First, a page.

Counter Logic Gaming (CLG) joined TSM and EnVyUs in the CS:GO market by signing the former team mouseSpaz in mid January. After fighting through the North American qualifier, the team joined the offline qualifier to take one of the first spots for ESL One Katowice after two 16-14 wins over Gamers2 and Titan. We got to speak to Stephen “reltuC” Cutler, Pujan “FNS” Mehta, James “hazed” Cobb, Tarik “tarik” Celik and Peter “PTR” Gurney before they head to their first CS:GO major!
ESL: Congratulations on earning a spot at ESL One Katowice 2015 in the offline qualifier! Are you happy to be heading back to Poland in less than a month?
PTR: Thank you. Yes, we are super excited to compete in a major. Personally this has been my dream for a long time and I wouldn’t wanna pass this up for the world.
ESL: With no US teams coming to ESL One Katowice 2015 as Legends, how much do you want to win one of these eight spots? Do you think your team will be able to make it that far?
PTR: We want to win more than anything, and to have a chance to make it out of the groups is what we are aiming for! I think my team can make it to the top eight – we just have to buckle down and have great comms.
ESL: With you, Cloud 9, Keyd Stars and Vox Eminor, only four out of 16 teams don’t hail from Europe. What do you see as the reason behind the European teams’ strength and how do you think you can change that?
FNS: Until recently, we – teams outside Europe – only had one or two tournaments domestically, and no real organizations backed us to go to the bigger events. Basically, we just played CS:GO online and had two tournaments to look forward to. Europe has a much larger pool of top teams because they have more events, which helps these teams gain more and more experience as well as top organizations backing them and sending them to every event all around the world. Now that bigger organizations are finally starting to pick up teams outside Europe, you’re able to see exactly how much potential teams like us, Keyd Stars, Cloud 9 and Vox Eminor really have, among others.
ESL: In your group you had 16-14 wins over Gamers2 and Titan to advance to ESL One Katowice 2015. Can you describe how your team felt coming out on top of these tough matches?
FNS: As you could tell by our reactions, we were extremely happy when we won the game versus Titan to advance into the major. Before the event, we had switched in-game leaders and things were looking shaky for us online, so we didn’t have much confidence. Once we got rolling in the tournament, everything clicked and we felt like a completely new team. Everybody played well. We always dreamt of having that chance to be able to prove ourselves in Europe, and I’m glad we were able to do just that.
ESL: When taking a look at the other teams who’ll be at ESL One Katowice 2015, are there any you’d love – or hate – to play in the group stage?
tarik: Although we have little experience on European soil, Fnatic is one of the teams we have struggled to play against due to their effective aggressive playstyle. I do believe we have the chance to upset them in any given match, but they are the only European team that has beat us yet. One of the teams I would love to play against would be NiP, mainly because I feel our playstyle would catch them off guard.
ESL: With Team Liquid, EnVyUs, Team SoloMid and CLG, a lot of big US-based organizations have decided to pick up CS:GO teams. Would you say that CS:GO has finally got the backing it needs in the US to reach its old heights?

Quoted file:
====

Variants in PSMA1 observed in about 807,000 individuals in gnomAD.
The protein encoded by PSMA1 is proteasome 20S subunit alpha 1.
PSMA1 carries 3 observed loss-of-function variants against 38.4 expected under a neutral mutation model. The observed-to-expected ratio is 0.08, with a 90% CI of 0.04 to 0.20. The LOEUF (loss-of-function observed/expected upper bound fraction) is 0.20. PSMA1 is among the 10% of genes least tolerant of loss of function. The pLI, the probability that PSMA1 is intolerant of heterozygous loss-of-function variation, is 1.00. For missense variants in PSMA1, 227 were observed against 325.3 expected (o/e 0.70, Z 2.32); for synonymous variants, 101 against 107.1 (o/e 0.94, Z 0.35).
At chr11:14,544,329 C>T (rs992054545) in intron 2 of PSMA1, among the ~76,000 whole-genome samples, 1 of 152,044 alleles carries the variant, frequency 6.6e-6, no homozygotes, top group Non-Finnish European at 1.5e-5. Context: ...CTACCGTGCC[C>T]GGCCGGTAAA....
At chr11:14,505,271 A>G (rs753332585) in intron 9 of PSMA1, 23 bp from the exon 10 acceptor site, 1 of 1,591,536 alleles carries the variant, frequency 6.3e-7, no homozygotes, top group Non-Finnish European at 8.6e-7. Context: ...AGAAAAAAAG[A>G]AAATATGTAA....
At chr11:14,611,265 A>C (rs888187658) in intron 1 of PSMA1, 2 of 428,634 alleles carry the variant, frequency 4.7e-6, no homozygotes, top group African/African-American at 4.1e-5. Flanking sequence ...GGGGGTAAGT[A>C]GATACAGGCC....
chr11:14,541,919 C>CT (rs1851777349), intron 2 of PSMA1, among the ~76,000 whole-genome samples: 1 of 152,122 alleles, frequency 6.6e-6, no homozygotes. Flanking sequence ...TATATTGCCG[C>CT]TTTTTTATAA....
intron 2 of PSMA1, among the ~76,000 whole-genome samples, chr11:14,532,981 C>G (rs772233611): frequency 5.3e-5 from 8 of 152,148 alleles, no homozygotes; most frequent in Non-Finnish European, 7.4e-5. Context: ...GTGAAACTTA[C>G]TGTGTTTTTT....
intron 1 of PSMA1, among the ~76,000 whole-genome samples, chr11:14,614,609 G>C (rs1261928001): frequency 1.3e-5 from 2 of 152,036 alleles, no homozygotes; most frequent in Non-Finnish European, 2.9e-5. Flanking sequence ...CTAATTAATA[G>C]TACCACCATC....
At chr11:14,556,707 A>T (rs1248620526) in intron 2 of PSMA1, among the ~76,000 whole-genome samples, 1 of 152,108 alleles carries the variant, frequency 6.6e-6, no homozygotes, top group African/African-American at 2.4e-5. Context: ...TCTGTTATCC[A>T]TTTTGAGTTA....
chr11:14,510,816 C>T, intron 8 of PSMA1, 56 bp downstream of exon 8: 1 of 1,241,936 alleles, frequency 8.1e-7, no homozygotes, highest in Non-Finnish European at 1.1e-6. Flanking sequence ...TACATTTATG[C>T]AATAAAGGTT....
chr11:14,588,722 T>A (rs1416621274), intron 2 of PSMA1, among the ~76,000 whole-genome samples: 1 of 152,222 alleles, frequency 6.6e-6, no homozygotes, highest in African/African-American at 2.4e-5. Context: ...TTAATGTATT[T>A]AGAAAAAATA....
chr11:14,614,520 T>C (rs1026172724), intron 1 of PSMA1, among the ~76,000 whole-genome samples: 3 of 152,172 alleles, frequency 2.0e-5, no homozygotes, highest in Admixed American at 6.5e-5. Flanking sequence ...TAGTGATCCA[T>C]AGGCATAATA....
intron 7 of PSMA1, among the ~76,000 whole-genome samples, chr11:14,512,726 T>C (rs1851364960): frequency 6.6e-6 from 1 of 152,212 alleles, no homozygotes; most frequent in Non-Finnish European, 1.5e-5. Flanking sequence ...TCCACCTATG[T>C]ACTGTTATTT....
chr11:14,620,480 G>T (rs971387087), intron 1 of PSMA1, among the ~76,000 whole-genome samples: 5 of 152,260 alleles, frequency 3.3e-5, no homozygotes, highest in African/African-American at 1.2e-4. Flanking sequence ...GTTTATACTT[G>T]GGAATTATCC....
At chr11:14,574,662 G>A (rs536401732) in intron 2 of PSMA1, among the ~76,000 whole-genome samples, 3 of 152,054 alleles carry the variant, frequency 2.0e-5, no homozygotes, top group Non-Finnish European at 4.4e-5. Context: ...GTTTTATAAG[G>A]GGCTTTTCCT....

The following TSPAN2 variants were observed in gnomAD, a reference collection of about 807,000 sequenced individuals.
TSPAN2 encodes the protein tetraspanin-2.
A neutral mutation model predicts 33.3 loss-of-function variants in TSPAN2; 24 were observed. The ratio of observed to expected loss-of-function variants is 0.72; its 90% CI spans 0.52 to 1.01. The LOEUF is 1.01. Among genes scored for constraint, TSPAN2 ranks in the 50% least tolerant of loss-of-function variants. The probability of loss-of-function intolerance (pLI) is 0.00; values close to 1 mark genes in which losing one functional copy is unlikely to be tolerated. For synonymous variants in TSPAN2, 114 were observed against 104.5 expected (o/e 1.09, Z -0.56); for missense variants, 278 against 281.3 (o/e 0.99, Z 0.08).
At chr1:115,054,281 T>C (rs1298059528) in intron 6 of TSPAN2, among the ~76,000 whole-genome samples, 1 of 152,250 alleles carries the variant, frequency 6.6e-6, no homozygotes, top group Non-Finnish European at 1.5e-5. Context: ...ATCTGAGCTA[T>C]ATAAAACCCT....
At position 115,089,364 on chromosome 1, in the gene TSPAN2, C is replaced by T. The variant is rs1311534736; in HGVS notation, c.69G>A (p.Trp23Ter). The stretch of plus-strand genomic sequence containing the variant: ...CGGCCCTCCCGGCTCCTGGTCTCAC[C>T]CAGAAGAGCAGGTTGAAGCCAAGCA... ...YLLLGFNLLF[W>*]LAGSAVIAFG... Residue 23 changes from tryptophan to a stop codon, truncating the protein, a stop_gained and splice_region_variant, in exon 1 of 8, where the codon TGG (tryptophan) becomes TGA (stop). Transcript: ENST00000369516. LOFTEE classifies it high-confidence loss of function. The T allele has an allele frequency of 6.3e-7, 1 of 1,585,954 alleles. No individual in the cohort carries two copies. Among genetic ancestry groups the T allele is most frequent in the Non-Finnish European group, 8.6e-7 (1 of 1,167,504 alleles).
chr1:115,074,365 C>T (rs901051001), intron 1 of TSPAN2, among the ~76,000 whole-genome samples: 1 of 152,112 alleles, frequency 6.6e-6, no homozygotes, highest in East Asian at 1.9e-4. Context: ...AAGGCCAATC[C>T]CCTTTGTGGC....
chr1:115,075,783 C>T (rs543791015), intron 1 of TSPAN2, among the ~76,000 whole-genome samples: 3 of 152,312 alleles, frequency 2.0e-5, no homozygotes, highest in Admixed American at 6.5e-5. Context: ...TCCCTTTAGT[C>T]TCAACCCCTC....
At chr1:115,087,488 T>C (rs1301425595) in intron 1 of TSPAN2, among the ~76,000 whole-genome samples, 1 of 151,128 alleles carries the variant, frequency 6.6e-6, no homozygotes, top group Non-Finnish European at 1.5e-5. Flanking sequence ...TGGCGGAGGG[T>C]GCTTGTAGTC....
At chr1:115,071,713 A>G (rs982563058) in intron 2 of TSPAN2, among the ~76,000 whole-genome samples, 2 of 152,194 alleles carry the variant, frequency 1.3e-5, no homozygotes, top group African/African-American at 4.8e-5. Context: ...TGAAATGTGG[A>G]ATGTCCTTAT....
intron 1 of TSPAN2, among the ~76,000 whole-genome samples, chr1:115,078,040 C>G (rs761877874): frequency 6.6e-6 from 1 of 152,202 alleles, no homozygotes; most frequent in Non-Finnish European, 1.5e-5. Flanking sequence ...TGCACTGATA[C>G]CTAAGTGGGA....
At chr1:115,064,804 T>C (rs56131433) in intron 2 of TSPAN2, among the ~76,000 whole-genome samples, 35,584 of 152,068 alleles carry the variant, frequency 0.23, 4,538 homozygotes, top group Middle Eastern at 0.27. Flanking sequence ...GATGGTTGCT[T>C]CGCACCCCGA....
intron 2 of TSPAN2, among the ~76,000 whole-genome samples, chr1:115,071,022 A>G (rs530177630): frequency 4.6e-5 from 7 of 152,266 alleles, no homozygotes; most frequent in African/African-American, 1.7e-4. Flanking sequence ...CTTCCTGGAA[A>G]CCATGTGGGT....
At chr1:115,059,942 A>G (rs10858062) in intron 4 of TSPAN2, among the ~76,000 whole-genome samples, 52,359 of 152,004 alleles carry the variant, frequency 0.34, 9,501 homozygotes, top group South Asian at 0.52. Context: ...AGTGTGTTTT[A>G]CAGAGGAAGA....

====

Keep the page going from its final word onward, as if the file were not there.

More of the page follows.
tarik: There is no doubt in my mind that CS:GO is expanding exceptionally fast. Not only are larger organizations getting involved, but prize pots are also being increased appropriately with growth within the game. The North American community is slowly but surely catching up to European standards as well, although we have to continue putting in some much-needed time and effort to reach their level.
ESL: Do you already have any special boot camps or similar planned in the leadup to ESL One Katowice? How will you prepare for the event?
reltuC: No, we don’t have any boot camps set up for Katowice. With Cloud 9 and the former iBUYPOWER team both going up there for a month before their major and not making it out of groups, I wanna be able to surprise teams with how we play by not letting them get used to it. We are just going to work on teamwork and strats while we are here in the US.
ESL: It’s the first CS:GO major for both you as a team as well as your organization. How much pressure are you putting on yourself and what’s CLG’s take on this big chance?
reltuC: Obviously we want to win, and I think my team as well as myself would be upset if we don’t make it out of groups, but I wouldn’t say there is pressure on us. I feel like the pressure is more on the other teams facing us. We are being called the most overhyped team in CS right now, and I would say most people don’t expect us to go far. As for CLG’s take, they have been extremely supportive and will do whatever they can to give us the best chance on winning.
ESL: The fans at Katowice are known to very passionately support their favorite teams. Do you have anything special planned to win over the fans’ hearts?
hazed: Winning over the hearts of the fans will be impossible if we play VP! If we bring high energy with our flashy playstyle then hopefully everyone will cheer for us. Everyone loves a good underdog story.
ESL: Thank you for your time. The final words belong to you!
hazed: Thanks to everyone who has supported us through thick and thin! We have steadily improved over the last six months and we’re showing no signs of stopping! Huge thanks to CLG and our sponsors Twitch, iBuyPower, SanDisk, Razer, LoLClass, NZXT and Cellucor for believing in us!
From March the 12th to the 15th, you’ll be able to see how Counter Logic Gaming do at ESL One Katowice 2015 – follow ESL Counter-Strike on Facebook and Twitter to make sure you don’t miss any news!